Filing for bankruptcy is not a decision most people take lightly, especially since it affects access to new credit, home loans and even employment opportunities, not to mention the emotional impact filing for bankruptcy can have.
Nevertheless, more than 1 million consumers filed for bankruptcy during the 12-month period ending September 30, 2008, according to federal court statistics released in December. This compares to 775,344 filings over the same period the year before.
Bankruptcies can remain on your credit report for up to 10 years and can decimate your credit score by hundreds of points. But by adopting these strategies, you could boost your credit score and become creditworthy several years before the bankruptcy drops off your credit report.
7 steps to a higher credit score
- Take a reality check
- Check your credit reports
- Obtain a secured credit card
- Get an auto loan
- Bide your time
- Get multiple credit lines
- Be wary of credit repair services
1. Take a reality checkRebuilding your credit score after a bankruptcy is far from being pain-free. It entails making an honest assessment of the reasons you filed in the first place and then taking action to establish positive lines of credit.
People claim bankruptcy for a number of different reasons. Job loss, serious illness and relying too much on credit all rank high on the list.
Regardless of the reason you wind up filing for bankruptcy, if you don't do a thorough self-assessment of what went wrong, you could end up repeating the same behavior that got you into trouble in the first place -- especially if it was due to financial mismanagement.
"Filing bankruptcy is supposed to be a fresh start," says Stephen Snyder, credit expert and author of "Credit After Bankruptcy."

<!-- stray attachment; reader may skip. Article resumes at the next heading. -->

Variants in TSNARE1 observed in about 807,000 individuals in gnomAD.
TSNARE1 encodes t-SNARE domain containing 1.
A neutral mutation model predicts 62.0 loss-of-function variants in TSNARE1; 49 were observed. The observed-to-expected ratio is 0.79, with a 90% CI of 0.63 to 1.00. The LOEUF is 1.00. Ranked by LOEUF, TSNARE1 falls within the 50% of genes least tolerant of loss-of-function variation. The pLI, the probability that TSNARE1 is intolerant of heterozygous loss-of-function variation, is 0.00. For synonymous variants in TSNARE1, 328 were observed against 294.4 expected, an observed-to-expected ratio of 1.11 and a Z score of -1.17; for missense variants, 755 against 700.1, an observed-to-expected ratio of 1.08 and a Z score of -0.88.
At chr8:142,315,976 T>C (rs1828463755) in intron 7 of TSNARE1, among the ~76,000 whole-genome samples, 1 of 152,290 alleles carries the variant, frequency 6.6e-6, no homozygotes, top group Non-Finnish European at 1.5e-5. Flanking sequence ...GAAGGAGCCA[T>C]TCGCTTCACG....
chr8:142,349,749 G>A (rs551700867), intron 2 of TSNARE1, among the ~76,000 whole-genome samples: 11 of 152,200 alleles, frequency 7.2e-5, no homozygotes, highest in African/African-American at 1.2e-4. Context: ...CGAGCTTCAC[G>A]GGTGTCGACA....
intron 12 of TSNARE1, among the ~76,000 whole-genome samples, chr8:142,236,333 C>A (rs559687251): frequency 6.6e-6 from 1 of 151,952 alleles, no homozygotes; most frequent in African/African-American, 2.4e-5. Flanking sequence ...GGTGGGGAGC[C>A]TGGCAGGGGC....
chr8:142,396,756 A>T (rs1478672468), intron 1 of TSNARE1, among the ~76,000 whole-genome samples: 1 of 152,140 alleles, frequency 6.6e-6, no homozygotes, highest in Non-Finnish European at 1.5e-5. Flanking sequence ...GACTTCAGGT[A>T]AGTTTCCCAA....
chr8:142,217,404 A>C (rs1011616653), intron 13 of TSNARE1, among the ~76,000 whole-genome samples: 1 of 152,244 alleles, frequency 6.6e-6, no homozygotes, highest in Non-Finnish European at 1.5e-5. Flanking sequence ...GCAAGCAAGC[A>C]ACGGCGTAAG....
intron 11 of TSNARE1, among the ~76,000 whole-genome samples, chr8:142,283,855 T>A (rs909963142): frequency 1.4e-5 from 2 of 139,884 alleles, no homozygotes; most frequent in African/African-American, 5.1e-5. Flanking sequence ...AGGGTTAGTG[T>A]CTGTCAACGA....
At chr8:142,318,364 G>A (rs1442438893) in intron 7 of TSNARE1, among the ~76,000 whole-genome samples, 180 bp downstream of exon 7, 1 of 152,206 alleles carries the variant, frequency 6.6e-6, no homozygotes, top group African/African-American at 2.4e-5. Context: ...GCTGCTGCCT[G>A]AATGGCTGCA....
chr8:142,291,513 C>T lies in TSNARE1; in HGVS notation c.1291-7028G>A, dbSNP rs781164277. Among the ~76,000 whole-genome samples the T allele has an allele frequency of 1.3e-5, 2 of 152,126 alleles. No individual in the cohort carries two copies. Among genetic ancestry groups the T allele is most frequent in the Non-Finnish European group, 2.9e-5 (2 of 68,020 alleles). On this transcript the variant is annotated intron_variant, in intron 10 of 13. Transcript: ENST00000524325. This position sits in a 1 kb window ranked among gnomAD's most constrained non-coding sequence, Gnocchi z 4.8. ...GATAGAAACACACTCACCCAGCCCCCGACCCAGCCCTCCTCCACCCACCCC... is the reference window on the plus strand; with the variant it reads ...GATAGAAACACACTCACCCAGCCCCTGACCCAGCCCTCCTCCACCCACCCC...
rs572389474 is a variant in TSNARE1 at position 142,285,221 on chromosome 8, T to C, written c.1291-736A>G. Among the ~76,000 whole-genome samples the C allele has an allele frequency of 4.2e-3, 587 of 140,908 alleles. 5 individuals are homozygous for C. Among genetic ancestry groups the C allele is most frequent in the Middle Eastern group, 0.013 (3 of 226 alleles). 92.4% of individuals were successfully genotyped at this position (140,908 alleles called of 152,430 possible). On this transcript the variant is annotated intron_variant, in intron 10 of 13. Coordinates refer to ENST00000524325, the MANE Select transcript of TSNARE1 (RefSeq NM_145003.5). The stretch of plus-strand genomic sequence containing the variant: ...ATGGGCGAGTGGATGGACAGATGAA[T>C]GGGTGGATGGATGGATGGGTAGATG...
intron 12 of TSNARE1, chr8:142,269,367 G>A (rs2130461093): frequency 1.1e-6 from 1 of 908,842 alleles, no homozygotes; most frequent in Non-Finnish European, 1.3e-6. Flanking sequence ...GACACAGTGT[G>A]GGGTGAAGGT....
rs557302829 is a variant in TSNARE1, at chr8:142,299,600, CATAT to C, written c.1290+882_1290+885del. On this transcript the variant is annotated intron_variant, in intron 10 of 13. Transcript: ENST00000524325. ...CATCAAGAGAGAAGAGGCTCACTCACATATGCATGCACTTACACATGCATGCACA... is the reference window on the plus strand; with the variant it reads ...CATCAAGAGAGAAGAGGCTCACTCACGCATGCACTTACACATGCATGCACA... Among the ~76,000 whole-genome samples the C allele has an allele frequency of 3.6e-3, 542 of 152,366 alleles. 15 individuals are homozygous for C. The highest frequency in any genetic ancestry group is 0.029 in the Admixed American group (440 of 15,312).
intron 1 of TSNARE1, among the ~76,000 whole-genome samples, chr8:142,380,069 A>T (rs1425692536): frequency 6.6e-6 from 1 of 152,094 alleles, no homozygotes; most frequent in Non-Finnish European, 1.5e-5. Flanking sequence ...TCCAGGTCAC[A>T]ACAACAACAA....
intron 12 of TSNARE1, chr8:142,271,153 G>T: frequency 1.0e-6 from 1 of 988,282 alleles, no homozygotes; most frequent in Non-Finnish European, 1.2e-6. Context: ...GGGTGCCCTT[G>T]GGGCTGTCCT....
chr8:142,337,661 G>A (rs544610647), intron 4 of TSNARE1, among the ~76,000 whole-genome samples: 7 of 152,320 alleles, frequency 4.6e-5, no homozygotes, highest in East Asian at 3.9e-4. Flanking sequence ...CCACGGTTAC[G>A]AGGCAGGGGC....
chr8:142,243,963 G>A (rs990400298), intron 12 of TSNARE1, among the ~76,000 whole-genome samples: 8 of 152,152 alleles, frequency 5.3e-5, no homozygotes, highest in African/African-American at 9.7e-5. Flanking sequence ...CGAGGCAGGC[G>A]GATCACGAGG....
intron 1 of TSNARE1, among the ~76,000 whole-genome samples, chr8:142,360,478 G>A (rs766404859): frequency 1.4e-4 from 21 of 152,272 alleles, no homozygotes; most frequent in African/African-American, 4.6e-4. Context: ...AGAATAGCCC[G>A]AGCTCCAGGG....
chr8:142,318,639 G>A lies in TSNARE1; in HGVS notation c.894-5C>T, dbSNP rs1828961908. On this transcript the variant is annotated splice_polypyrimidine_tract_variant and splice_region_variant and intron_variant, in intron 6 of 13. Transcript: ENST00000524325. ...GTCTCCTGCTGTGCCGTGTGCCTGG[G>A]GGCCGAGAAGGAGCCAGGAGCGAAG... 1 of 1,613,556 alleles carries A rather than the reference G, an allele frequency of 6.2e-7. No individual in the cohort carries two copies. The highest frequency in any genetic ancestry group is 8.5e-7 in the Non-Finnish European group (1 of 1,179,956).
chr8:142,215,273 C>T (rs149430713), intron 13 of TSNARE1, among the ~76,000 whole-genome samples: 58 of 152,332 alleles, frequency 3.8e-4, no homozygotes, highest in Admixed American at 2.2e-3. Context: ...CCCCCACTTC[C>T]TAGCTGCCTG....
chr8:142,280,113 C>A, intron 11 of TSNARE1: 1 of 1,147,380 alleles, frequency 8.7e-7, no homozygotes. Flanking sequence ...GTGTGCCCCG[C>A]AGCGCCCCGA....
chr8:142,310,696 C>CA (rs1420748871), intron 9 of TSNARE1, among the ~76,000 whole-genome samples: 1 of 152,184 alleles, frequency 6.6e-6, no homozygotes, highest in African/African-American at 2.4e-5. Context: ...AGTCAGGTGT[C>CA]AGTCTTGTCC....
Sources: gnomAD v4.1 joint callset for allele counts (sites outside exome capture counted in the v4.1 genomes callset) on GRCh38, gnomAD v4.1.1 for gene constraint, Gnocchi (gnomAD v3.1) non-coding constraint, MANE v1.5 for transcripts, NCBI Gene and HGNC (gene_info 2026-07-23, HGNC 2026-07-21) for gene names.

"But in order to take advantage of the fresh start, you need to say, 'OK, I overextended myself. I bought a Mercedes when I should have bought a Ford. My lifestyle was out of proportion. I need to scale back and live within my means.'"
Although there's not much you can do when an unexpected illness or job loss drains your finances, certain voluntary spending habits should be avoided.
Compulsive behaviors that involve wagering sometimes get people into trouble with debt and can precipitate a bankruptcy.
"When I ask people what got you into this problem and they say 'gambling' and they live in Las Vegas, I tell them, 'You need to move somewhere else. Because it's just a matter of time that you're back in the same place,'" Snyder says.
Similarly, the serial entrepreneur, who, despite repeated failure, insists on managing his own business to the detriment of his financial well-being, should probably assess the alternatives.
That individual, Snyder says, would probably do well to "consider getting a regular full-time job."
"If they don't fix that (source of financial problems), it's just going to be a vicious circle that's going to get worse and worse and worse."